Rocklin Charter Schools Give Approval for Book About Transgender Teen

**UPDATE**

On Monday, La Comadre posted a piece about a controversy that was stirring in Northern California over a children’s book.  Granted, not just any book, a biographical book authored by transgender teen, Jazz Jennings.  There was an action taken by the Rocklin Charter Schools Board that we think is important and precedent setting.  We hope other districts that face similar challenges will be brave and stand up to some of the ignorance we have seen around the issue of our transgender students and how to treat them with respect and dignity.

The book in question, I am Jazz, was taken to school by a seven-year old transgender student for sharing.  The teacher read the book to the classroom.  Once parents heard about this, the controversy began.  And again, the teacher read a book.  This was not part of the curriculum, and there wasn’t a lesson planned around it.  It was a student’s book for sharing.  The book was deemed by the classroom teacher to be age appropriate, and she read it to the class.  What an empowering moment it must have been for the student who brought it in.  I cannot tell you enough how proud I am of that teacher!  The same teacher, in support of the transgender student who brought the book to class, also read Red: A Crayon’s Story on the same day, a book about a crayon struggling with an identity crisis.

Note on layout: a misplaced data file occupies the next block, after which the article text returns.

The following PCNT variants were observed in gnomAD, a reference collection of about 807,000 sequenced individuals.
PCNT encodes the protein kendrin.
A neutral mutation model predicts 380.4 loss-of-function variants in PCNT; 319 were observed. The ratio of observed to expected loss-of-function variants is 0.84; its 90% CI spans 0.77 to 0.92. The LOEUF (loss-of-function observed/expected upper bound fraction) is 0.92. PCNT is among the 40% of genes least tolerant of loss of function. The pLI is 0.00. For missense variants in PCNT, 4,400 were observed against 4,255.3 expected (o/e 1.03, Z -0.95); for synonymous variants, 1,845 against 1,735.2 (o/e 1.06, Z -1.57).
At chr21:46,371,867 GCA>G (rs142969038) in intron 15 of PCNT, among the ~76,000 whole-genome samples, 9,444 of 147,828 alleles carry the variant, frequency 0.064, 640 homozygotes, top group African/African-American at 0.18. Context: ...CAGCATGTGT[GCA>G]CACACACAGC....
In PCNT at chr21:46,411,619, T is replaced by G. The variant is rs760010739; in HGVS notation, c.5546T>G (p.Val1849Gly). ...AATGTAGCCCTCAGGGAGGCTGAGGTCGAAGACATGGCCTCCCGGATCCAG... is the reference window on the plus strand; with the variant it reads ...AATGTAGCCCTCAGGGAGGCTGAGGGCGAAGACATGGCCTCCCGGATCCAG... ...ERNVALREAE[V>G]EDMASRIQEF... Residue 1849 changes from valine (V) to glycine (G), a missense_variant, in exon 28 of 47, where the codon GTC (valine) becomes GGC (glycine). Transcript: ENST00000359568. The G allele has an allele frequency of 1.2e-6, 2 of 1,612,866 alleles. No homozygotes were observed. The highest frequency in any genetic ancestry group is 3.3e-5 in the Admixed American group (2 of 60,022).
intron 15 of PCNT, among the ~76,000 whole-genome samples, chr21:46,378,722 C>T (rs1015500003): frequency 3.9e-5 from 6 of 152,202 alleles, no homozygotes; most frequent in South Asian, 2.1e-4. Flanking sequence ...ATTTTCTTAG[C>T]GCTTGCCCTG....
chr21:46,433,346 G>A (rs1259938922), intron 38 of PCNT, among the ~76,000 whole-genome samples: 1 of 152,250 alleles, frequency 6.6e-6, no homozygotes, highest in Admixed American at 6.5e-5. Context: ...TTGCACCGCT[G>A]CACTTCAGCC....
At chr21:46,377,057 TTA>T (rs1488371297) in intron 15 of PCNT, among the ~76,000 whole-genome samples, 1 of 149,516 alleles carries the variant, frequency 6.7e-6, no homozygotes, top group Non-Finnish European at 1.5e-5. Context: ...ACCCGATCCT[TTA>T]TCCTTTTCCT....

After the news of this incident went viral, as you can imagine, media and special interests got involved, and it all came to head two night ago at the Rocklin Charter Schools Board meeting.  I am happy to say that the Rocklin school board voted unanimously on Monday to retain the policies that allowed a book about a transgender child to be read in the kindergarten class. However, they did include the following caveat: The schools will require teachers to inform parents if a controversial topic will be discussed in class.  

Over 500 people packed the house to show either support or opposition, including conservative groups such as the California Family Council, the Capitol Resource Institute and the Pacific Justice Institute.  Despite all of the opposition, the board held its ground and took the unanimous position that the book was allowed and will continue to be allowed.  

After the vote, Board member Larry Steiner urged unity and acceptance and made this statement, “Please let this end tonight. We cannot forget Rocklin Academy is a school of choice. The hostility has to end. Let’s bring back our sense of community.”

Click here to watch Jazz Jennings read I am Jazz.

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